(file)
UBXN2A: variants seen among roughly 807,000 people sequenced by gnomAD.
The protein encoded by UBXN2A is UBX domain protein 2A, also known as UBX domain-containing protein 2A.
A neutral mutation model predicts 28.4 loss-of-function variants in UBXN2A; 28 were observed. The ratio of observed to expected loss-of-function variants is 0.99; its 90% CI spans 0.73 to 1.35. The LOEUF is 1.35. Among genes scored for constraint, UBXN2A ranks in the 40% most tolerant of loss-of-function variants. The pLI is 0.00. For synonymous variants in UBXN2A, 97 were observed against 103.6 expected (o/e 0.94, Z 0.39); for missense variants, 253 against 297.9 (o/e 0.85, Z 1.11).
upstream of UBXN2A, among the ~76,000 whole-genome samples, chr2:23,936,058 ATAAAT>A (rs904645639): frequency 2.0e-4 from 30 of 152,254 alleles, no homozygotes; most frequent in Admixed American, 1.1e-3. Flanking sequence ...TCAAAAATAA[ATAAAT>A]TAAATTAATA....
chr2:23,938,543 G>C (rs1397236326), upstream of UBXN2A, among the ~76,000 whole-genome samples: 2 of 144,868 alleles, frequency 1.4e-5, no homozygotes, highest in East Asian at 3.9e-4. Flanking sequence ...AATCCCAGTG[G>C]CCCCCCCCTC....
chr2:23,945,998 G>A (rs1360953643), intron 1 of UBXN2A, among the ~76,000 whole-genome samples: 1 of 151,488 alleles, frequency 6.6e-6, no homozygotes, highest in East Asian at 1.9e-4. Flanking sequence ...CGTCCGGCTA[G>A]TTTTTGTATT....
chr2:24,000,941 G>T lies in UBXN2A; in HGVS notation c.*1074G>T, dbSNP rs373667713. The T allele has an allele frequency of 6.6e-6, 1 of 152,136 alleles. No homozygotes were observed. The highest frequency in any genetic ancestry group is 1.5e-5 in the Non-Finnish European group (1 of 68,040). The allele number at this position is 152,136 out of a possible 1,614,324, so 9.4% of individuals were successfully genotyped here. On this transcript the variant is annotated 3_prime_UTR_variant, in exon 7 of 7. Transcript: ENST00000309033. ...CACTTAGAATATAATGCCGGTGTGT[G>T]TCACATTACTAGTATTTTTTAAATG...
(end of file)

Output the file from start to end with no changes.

UBXN2A: variants seen among roughly 807,000 people sequenced by gnomAD.
The protein encoded by UBXN2A is UBX domain protein 2A, also known as UBX domain-containing protein 2A.
A neutral mutation model predicts 28.4 loss-of-function variants in UBXN2A; 28 were observed. The ratio of observed to expected loss-of-function variants is 0.99; its 90% CI spans 0.73 to 1.35. The LOEUF is 1.35. Among genes scored for constraint, UBXN2A ranks in the 40% most tolerant of loss-of-function variants. The pLI is 0.00. For synonymous variants in UBXN2A, 97 were observed against 103.6 expected (o/e 0.94, Z 0.39); for missense variants, 253 against 297.9 (o/e 0.85, Z 1.11).
upstream of UBXN2A, among the ~76,000 whole-genome samples, chr2:23,936,058 ATAAAT>A (rs904645639): frequency 2.0e-4 from 30 of 152,254 alleles, no homozygotes; most frequent in Admixed American, 1.1e-3. Flanking sequence ...TCAAAAATAA[ATAAAT>A]TAAATTAATA....
chr2:23,938,543 G>C (rs1397236326), upstream of UBXN2A, among the ~76,000 whole-genome samples: 2 of 144,868 alleles, frequency 1.4e-5, no homozygotes, highest in East Asian at 3.9e-4. Flanking sequence ...AATCCCAGTG[G>C]CCCCCCCCTC....
chr2:23,945,998 G>A (rs1360953643), intron 1 of UBXN2A, among the ~76,000 whole-genome samples: 1 of 151,488 alleles, frequency 6.6e-6, no homozygotes, highest in East Asian at 1.9e-4. Flanking sequence ...CGTCCGGCTA[G>A]TTTTTGTATT....
chr2:24,000,941 G>T lies in UBXN2A; in HGVS notation c.*1074G>T, dbSNP rs373667713. The T allele has an allele frequency of 6.6e-6, 1 of 152,136 alleles. No homozygotes were observed. The highest frequency in any genetic ancestry group is 1.5e-5 in the Non-Finnish European group (1 of 68,040). The allele number at this position is 152,136 out of a possible 1,614,324, so 9.4% of individuals were successfully genotyped here. On this transcript the variant is annotated 3_prime_UTR_variant, in exon 7 of 7. Transcript: ENST00000309033. ...CACTTAGAATATAATGCCGGTGTGT[G>T]TCACATTACTAGTATTTTTTAAATG...